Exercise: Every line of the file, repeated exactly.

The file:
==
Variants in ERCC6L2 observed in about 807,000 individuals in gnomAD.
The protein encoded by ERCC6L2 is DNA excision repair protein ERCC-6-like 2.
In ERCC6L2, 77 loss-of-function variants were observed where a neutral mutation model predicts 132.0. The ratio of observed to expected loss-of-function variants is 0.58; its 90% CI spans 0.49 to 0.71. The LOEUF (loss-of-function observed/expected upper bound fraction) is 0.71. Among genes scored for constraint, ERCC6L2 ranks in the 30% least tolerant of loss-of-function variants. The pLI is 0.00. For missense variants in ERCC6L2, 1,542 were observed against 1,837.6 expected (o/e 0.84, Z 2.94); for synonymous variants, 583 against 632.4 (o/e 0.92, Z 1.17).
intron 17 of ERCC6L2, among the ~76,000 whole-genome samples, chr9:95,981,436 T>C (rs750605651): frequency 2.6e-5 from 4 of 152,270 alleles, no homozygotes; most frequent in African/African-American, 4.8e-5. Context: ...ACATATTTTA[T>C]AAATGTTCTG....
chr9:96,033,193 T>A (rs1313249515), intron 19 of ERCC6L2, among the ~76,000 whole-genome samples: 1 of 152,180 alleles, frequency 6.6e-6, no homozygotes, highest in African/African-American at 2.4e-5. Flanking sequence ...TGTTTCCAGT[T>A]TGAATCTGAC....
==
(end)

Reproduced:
Variants in ERCC6L2 observed in about 807,000 individuals in gnomAD.
The protein encoded by ERCC6L2 is DNA excision repair protein ERCC-6-like 2.
In ERCC6L2, 77 loss-of-function variants were observed where a neutral mutation model predicts 132.0. The ratio of observed to expected loss-of-function variants is 0.58; its 90% CI spans 0.49 to 0.71. The LOEUF (loss-of-function observed/expected upper bound fraction) is 0.71. Among genes scored for constraint, ERCC6L2 ranks in the 30% least tolerant of loss-of-function variants. The pLI is 0.00. For missense variants in ERCC6L2, 1,542 were observed against 1,837.6 expected (o/e 0.84, Z 2.94); for synonymous variants, 583 against 632.4 (o/e 0.92, Z 1.17).
intron 17 of ERCC6L2, among the ~76,000 whole-genome samples, chr9:95,981,436 T>C (rs750605651): frequency 2.6e-5 from 4 of 152,270 alleles, no homozygotes; most frequent in African/African-American, 4.8e-5. Context: ...ACATATTTTA[T>C]AAATGTTCTG....
chr9:96,033,193 T>A (rs1313249515), intron 19 of ERCC6L2, among the ~76,000 whole-genome samples: 1 of 152,180 alleles, frequency 6.6e-6, no homozygotes, highest in African/African-American at 2.4e-5. Flanking sequence ...TGTTTCCAGT[T>A]TGAATCTGAC....